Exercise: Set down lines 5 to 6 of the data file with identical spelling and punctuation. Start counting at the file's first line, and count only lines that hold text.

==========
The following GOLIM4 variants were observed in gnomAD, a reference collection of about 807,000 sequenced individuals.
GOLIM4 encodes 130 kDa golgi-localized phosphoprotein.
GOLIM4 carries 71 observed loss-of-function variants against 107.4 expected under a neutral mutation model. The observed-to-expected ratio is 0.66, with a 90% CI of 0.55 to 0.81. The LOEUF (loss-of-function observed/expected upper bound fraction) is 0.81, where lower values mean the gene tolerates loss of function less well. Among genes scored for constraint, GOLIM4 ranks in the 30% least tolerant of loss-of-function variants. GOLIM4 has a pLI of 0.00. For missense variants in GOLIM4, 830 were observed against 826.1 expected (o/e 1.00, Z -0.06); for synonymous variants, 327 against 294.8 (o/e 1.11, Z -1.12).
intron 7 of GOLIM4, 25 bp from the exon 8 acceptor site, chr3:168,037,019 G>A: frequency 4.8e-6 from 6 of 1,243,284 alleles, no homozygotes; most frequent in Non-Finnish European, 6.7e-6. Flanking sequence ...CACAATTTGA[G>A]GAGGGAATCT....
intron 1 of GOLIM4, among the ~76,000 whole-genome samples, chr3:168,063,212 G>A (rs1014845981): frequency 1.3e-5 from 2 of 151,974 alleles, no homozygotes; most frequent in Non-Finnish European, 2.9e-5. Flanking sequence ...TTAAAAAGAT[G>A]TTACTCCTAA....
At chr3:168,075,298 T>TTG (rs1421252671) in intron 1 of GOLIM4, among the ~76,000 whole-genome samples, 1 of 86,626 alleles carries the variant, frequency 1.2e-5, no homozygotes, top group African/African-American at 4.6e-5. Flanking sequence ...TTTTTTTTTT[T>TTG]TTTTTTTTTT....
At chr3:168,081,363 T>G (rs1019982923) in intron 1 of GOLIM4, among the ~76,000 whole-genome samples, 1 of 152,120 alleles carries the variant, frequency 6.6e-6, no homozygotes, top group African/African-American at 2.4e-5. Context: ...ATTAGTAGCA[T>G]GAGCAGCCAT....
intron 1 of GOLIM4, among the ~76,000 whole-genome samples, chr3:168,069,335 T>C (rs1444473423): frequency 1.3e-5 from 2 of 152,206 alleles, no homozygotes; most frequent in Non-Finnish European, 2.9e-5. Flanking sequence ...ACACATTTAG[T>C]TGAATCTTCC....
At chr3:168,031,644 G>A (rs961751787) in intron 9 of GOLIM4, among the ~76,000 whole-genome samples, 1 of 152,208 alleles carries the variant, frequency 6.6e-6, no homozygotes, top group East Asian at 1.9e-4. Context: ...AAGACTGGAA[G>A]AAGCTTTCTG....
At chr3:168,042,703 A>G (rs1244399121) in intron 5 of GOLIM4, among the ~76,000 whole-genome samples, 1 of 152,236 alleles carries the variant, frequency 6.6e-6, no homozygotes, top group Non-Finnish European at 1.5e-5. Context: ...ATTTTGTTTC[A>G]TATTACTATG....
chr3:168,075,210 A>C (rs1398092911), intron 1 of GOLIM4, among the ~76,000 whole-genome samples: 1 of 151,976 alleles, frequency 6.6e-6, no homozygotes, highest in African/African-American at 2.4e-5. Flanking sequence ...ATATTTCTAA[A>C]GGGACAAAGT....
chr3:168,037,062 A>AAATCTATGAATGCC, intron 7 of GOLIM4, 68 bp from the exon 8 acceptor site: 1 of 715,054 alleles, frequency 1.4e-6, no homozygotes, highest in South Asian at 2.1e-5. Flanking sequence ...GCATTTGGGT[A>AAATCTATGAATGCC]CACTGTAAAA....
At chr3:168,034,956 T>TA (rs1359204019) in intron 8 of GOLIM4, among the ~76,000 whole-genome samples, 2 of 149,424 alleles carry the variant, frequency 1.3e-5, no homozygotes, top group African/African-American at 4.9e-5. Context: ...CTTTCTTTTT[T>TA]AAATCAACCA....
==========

intron 1 of GOLIM4, among the ~76,000 whole-genome samples, chr3:168,063,212 G>A (rs1014845981): frequency 1.3e-5 from 2 of 151,974 alleles, no homozygotes; most frequent in Non-Finnish European, 2.9e-5. Flanking sequence ...TTAAAAAGAT[G>A]TTACTCCTAA....
At chr3:168,075,298 T>TTG (rs1421252671) in intron 1 of GOLIM4, among the ~76,000 whole-genome samples, 1 of 86,626 alleles carries the variant, frequency 1.2e-5, no homozygotes, top group African/African-American at 4.6e-5. Flanking sequence ...TTTTTTTTTT[T>TTG]TTTTTTTTTT....